import numpy as np def rounding_down(array_data, decimal=0): tens = 10.0 if not isinstance(decimal, int): raise TypeError("Argument 'decimal' must be of type int") if decimal == 0: return np.floor(array_data) multiples = tens ** decimal return np.floor(array_data * multiples) / multiples if __name__ == '__main__': np.random.seed(234) data = np.random.randn(3,3) decimals = 3 print("Original Data: {}".format(data)) print("Round Down to {} decimals:\n {}".format(decimals, rounding_down(data, decimals)))

**Output:**

### Rounding Pandas Series and DataFrame

The Pandas library is also one of the most commonly used libraries in data science and data analysis. Just as **Numpy**, It also comes installed with **Anaconda** or we can run the command below to install it.

pip3 install pandas

Pandas have the DataFrame and Series as their data structures and both have the **.round() **function that works exactly like **np.round()** we saw above.

**Example 14:** Rounding with Pandas

In this example, we shall see how to round **Series** and **DataFrame** objects, also, we shall see how to use numpy’s rounding functions on Pandas **Series** and **DataFrame** objects.

import pandas as pd import numpy as np np.random.seed(123) series = pd.Series(np.random.rand(3)) df = pd.DataFrame(np.random.randn(3,4), columns=['A','B','C','D']) print("Original Series:\n {}".format(series)) print("Original DF:\n {}".format(df)) print("\n") # Use .round() and round all data the same on Dataframe and Series decimals = 3 series_result = series.round(decimals) df_result = df.round(decimals) print("Series rounded to {} decimal:\n {}".format(decimals,series_result)) print("DF rounded to {} decimal:\n {}".format(decimals,df_result)) print("\n") # Use .round() and specify column-by-column precision on DataFrame decimals = {"A":2, "B":3, "C":4, "D":5} df_result = df.round(decimals) print("DF rounded to {} decimal:\n {}".format(decimals,df_result)) print("\n") # Use numpy's rounding functions on DataFrame print("DF rounded with np.floor:\n {}".format(np.floor(df))) print("DF rounded with np.ceil:\n {}".format(np.ceil(df)))

**Output:**

## Frequently Asked Questions

**Q #1) How do you round a number in a list Python?**

**Answer: **We have many ways to round numbers in a list in Python. The first will be to use a list comprehension together with any rounding function like below:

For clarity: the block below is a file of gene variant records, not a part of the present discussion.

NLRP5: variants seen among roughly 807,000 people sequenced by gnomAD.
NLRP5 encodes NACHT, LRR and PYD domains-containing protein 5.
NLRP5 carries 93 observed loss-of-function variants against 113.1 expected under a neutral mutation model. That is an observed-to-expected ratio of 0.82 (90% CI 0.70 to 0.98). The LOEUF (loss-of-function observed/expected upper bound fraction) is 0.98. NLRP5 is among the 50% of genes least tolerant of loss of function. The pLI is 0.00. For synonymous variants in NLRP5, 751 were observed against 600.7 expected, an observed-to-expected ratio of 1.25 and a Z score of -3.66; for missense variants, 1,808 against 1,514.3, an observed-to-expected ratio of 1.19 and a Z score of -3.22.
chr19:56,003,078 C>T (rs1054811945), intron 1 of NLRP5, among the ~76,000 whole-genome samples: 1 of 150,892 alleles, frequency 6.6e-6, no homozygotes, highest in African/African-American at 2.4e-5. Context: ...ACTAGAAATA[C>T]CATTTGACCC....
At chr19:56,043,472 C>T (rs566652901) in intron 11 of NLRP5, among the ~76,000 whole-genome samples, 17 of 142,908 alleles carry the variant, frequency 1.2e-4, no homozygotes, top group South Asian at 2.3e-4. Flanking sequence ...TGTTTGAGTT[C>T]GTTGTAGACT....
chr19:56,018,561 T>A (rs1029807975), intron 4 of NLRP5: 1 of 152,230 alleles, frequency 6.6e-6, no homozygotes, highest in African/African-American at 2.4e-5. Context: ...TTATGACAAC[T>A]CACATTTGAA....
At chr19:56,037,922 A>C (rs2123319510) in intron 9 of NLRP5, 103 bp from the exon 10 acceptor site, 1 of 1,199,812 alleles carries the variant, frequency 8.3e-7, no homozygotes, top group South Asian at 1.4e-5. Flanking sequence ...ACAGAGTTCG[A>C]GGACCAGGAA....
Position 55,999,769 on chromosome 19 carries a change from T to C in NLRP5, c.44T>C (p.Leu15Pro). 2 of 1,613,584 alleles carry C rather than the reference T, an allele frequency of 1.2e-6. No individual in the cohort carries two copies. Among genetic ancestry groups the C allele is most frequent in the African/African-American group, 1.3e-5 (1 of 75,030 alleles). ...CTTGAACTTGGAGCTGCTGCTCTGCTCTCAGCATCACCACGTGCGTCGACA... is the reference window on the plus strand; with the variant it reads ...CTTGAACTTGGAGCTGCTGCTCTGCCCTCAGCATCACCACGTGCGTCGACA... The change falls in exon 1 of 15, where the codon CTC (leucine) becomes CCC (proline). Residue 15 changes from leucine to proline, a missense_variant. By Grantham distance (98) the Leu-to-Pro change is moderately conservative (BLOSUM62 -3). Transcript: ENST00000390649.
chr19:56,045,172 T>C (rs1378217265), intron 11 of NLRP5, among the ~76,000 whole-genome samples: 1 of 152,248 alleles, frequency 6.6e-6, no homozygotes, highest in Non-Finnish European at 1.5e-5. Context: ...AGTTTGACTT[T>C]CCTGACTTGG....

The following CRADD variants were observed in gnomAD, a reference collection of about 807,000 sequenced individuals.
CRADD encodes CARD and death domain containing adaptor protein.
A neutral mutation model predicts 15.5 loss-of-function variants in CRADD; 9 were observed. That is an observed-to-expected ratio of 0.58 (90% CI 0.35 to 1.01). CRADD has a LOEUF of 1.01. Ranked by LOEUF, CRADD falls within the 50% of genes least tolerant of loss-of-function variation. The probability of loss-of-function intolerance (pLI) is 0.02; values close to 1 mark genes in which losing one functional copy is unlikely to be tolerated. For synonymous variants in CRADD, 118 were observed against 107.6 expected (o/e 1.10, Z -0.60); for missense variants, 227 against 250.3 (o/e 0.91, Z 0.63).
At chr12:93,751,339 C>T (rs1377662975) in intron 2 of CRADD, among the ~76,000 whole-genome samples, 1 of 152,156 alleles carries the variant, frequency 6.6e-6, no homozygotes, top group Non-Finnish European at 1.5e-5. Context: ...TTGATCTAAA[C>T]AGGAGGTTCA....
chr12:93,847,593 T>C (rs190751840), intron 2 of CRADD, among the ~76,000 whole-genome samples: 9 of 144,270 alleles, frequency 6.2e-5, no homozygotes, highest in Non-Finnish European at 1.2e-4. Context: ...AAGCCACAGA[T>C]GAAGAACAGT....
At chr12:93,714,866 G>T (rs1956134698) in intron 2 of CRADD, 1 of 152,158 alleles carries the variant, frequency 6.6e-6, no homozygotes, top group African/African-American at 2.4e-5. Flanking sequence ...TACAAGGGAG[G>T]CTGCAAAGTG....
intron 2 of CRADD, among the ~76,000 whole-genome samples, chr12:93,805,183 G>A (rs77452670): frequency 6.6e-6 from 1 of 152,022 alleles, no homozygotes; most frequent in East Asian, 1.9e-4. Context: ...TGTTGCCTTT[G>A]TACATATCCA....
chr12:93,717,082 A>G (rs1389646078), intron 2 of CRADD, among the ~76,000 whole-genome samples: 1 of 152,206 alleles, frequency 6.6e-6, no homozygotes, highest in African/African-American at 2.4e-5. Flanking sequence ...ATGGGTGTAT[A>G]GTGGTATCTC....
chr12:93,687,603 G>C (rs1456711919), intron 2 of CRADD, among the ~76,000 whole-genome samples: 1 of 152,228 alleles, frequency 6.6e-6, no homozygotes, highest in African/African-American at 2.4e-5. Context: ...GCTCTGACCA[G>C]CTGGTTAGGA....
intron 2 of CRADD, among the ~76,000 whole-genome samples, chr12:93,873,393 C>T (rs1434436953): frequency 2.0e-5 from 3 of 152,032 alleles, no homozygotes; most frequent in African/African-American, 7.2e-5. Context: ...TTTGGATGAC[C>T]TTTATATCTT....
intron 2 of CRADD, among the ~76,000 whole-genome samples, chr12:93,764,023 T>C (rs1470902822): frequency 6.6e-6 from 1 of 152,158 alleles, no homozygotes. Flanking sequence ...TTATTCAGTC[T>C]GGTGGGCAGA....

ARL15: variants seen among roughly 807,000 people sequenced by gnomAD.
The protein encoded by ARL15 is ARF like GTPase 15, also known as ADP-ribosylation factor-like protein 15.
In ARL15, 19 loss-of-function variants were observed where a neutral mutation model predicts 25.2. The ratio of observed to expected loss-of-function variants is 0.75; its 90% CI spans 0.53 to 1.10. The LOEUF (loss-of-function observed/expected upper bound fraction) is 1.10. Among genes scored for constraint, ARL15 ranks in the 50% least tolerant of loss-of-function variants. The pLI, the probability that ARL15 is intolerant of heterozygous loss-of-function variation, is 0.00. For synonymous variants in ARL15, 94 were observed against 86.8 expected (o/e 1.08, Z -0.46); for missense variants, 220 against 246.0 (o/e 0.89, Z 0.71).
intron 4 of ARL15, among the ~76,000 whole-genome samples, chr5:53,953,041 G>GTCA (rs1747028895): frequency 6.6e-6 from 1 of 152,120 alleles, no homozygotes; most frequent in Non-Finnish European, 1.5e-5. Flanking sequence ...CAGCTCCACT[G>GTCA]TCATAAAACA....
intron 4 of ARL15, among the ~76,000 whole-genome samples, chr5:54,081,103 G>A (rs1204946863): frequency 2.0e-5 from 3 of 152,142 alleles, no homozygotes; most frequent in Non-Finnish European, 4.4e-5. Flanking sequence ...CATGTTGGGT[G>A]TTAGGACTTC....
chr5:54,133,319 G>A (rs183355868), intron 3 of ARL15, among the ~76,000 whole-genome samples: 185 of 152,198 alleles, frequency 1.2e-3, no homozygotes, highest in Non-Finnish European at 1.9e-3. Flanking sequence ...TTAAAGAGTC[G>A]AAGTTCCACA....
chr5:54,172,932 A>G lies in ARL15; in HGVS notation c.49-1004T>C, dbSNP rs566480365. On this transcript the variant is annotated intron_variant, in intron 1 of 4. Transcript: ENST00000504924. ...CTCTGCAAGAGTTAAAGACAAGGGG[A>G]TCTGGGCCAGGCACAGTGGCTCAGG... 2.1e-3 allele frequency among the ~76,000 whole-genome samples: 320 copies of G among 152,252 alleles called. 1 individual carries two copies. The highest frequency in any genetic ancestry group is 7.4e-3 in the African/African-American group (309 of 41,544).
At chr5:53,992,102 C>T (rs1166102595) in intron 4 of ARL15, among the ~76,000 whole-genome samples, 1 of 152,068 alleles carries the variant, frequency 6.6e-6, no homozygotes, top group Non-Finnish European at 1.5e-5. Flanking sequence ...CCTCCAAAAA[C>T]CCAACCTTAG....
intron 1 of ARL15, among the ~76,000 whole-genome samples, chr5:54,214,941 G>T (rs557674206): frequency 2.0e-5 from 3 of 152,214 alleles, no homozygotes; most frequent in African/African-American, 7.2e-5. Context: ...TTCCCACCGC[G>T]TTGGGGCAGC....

>>> a =[1.234, 2.345, 3.45, 1.45] >>> [round(i,1) for i in a] # for each number, round with round() function [1.2, 2.3, 3.5, 1.4]

In this case, the most common way will be to use the **numpy.round() **method:

>>> import numpy as np >>> a = [1.234, 2.345, 3.45, 1.45] >>> np_a = np.array(a) # convert list to numpy array >>> np_a_round = np.round(np_a, 1) # round to 1 decimal place >>> list(np_a_round) # convert numpy array back to list. [1.2, 2.3, 3.4, 1.4]

**Q #2) What is round() in Python**

**Answer: **The** round()** is a built-in function in Python that takes in two arguments; the number to round(**number**) and the number of decimal places to keep(**ndigits**), then returns the closest multiple of **10 ^{-ndigits}** but breaks ties by applying the

**ROUNDING HALF TO EVEN**strategy, which rounds to the nearest least even number.

**Q #3) How do you round to 5 decimal places in Python?**

**Answer: **With the built-in **round()** function, we can round to any decimal place by providing the number of decimal places to keep as the second argument. Say we want to round **3.45610688 **to **5** decimal places.

>>> number = 3.45610688 >>> round(number, 5) 3.45611

**Q #4) How do you round off without using the round function in Python?**

**Answer: **To round up or down without the built-in **round()**, we first multiply the number to be rounded by **10.0 ^{n}**, where

**n**is the decimal place to keep. Then, we use

**math.trunc()**for truncation,

**math.ceil()**for rounding up or

**math.floor()**for rounding down. Finally, we divide the result by the same

**10.0**.

^{n}**Below is an example for rounding up:**

multiples = math.pow(number, n) math.ceil(number * multiples) / multiples

**Q #5) How do you round to the nearest whole number?**

**Answer: **To round to the nearest whole number, we first shift the decimal point **n** times where **n** is the number of decimal places to round. Then we check the first digit after the decimal point.

If it is less than **5**, we do nothing, but if it is greater or equal to **5**, we round up the digit before the decimal point by adding **1** to it. Finally, we shift the decimal point back to its original position.

## Conclusion

In this article, we looked at what rounding numbers are and they apply to floating-point numbers. We examined the Python built-in **round()** function and also looked at rounding with the **math module** where we saw various rounding strategies like **Truncation**, **Rounding Up**, **Rounding Down**, and more.

We also covered rounding with the **Decimal module** and finally, we looked at rounding **Numpy arrays** and **Pandas Series** and **DataFrames**.